Google says it isn’t about real names, it is about having common names, removing people who spell their names in weird ways like using symbols and obvious fake names. Which to me seems that they are contradicting themselves right in that one sentence. You can’t say it isn’t about real names in on part and then say but we are going to delete you if you use a fake name as a user I find that very confusing. So in other words I can use a fake name as longs it sounds real to the person making the decision. Non-western names have clearly have special issues all their own. Then once they make the decision they can suspend your access to Google plus. In extreme cases this can not only affect your access to Google Plus, but to all Google products including mail, and documents. Which to many people is worse than having their phone or snail mail cut off. No details are provided other than you violated Googles TOS, which leaves you to guess what happened and figuring out how to appeal. There has to be a better way of handling this, perhaps an email to the person in question, before their account is suspended indicating there is a problem and they need to contact Google, if there is no response within 48 hours then block the account until they do contact Google.
I do think that there are pseudonyms that shouldn’t be permitted such as names that denigrate others race, religion or sexual orientation. I also agree that completely anonymous posting should not be allowed, that you must provide an email address where Google can contact you. I have to admit even this I am going back and forth on. The use of pseudonyms has been a long and honorable tradition throughout history. Some people use pseudonyms because they want to be cool or to separate their on-line world from their off-line existence. In many countries around the world having an open conversation under your real name is extremely dangerous and people use pseudonyms to protect their very life and freedom. What if you want to talk about a controversial issue that personally effects you such as homosexuality or abortion and you rather not use your real name, a pseudonym makes perfect sense. I don’t have all the answers to this problem, but clearly Google needs to come up with something better than what they are doing now, before they open up the service to the public.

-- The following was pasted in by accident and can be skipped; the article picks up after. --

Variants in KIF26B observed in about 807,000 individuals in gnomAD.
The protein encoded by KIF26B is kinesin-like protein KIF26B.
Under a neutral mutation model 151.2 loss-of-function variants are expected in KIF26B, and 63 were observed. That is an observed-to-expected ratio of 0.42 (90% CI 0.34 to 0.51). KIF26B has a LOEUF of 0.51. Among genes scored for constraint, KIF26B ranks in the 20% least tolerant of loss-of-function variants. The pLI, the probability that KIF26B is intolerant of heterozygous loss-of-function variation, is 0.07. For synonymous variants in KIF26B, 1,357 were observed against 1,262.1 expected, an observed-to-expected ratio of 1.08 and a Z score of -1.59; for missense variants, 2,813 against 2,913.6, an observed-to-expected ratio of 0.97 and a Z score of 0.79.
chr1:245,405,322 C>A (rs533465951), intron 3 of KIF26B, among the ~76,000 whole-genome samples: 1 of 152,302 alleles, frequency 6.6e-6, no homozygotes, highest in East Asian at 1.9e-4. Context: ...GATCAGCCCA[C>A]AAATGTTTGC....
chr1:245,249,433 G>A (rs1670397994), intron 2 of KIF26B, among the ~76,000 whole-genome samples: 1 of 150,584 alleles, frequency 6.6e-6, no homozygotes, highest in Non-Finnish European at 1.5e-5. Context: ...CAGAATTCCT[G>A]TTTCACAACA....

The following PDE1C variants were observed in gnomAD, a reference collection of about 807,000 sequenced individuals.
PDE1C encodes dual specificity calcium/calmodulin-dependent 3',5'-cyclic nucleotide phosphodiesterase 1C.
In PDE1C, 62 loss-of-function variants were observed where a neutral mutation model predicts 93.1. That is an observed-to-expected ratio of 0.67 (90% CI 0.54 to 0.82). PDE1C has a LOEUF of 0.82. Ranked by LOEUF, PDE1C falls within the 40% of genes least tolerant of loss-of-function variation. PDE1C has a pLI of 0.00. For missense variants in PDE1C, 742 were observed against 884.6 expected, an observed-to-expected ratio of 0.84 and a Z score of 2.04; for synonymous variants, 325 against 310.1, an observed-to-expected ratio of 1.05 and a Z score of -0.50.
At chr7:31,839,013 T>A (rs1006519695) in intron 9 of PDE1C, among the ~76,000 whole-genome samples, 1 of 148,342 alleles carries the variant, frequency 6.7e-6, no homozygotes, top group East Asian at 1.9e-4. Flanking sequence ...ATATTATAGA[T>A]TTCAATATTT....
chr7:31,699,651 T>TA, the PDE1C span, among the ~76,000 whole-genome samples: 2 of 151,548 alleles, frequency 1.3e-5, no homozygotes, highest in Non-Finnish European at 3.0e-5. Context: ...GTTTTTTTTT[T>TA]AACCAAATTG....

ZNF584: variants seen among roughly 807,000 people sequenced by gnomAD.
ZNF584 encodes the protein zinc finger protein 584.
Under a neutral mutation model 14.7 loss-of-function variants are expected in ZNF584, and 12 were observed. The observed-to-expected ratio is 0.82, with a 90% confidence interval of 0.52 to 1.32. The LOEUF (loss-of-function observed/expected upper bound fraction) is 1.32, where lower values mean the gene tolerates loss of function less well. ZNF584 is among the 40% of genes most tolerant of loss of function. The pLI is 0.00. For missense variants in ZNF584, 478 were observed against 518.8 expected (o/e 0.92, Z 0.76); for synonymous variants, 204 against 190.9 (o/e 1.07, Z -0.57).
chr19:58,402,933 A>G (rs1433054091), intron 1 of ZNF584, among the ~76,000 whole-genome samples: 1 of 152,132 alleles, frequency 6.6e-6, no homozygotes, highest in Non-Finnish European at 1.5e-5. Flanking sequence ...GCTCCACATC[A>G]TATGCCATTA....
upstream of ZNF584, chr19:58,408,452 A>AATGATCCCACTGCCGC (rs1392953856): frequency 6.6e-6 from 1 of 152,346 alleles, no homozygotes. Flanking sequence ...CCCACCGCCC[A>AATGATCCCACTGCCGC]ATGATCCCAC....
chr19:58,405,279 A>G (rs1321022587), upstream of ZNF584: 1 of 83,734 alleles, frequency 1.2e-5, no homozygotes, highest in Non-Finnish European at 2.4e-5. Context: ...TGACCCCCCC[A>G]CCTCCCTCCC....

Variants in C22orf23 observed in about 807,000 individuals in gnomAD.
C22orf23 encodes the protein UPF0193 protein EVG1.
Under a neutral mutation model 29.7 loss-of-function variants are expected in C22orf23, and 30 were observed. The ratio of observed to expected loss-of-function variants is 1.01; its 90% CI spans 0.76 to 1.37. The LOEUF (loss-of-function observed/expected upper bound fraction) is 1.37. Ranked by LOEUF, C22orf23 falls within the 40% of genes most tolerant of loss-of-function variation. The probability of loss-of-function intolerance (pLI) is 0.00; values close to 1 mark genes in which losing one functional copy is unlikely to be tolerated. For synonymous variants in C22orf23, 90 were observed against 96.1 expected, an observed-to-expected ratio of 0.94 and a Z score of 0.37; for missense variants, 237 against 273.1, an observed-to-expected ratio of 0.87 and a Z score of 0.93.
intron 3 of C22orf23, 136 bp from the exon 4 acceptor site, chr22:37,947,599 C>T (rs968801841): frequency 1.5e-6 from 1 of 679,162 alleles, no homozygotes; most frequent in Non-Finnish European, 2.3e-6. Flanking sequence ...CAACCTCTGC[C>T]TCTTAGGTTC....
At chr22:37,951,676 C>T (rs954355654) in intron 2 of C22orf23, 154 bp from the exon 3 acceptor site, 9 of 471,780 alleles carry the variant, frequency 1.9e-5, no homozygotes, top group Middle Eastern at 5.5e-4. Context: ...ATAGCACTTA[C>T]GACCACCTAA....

Twitter popularized the desktop client for social networking with third-party software such as TweetDeck. With the introduction, recently, of Google+ and Google’s release of a mobile app, but lack of a desktop version, I had wondered if third-parties would jump in to fill the void. I had planned to install, test, and write a review of a new Google+ desktop client called Gclient today. It is the first one that I have seen. However, along the way, I did some research before installing it.
The first clue was the convoluted installation instructions that I found. There are none on maker Abelssoft’s website, but a third-party site gave a walk-through that involved such red-flags as “You want to fill out your e-mail address and full name, then click “Get free unlock code now.””
With that, I decided to check Cnet reviews and found that the app rated only 2 stars, with reviews such as “This is exactly what you don’t need!!”, “Don’t use this!!!”, and “Disaster”. Not exactly what you want to hear about a software app that you thought would be useful.
Thankfully, I hadn’t installed it, and it sounds like nobody else should either. It’s a lesson on why proper research is always in order before downloading and installing ANYTHING from the web.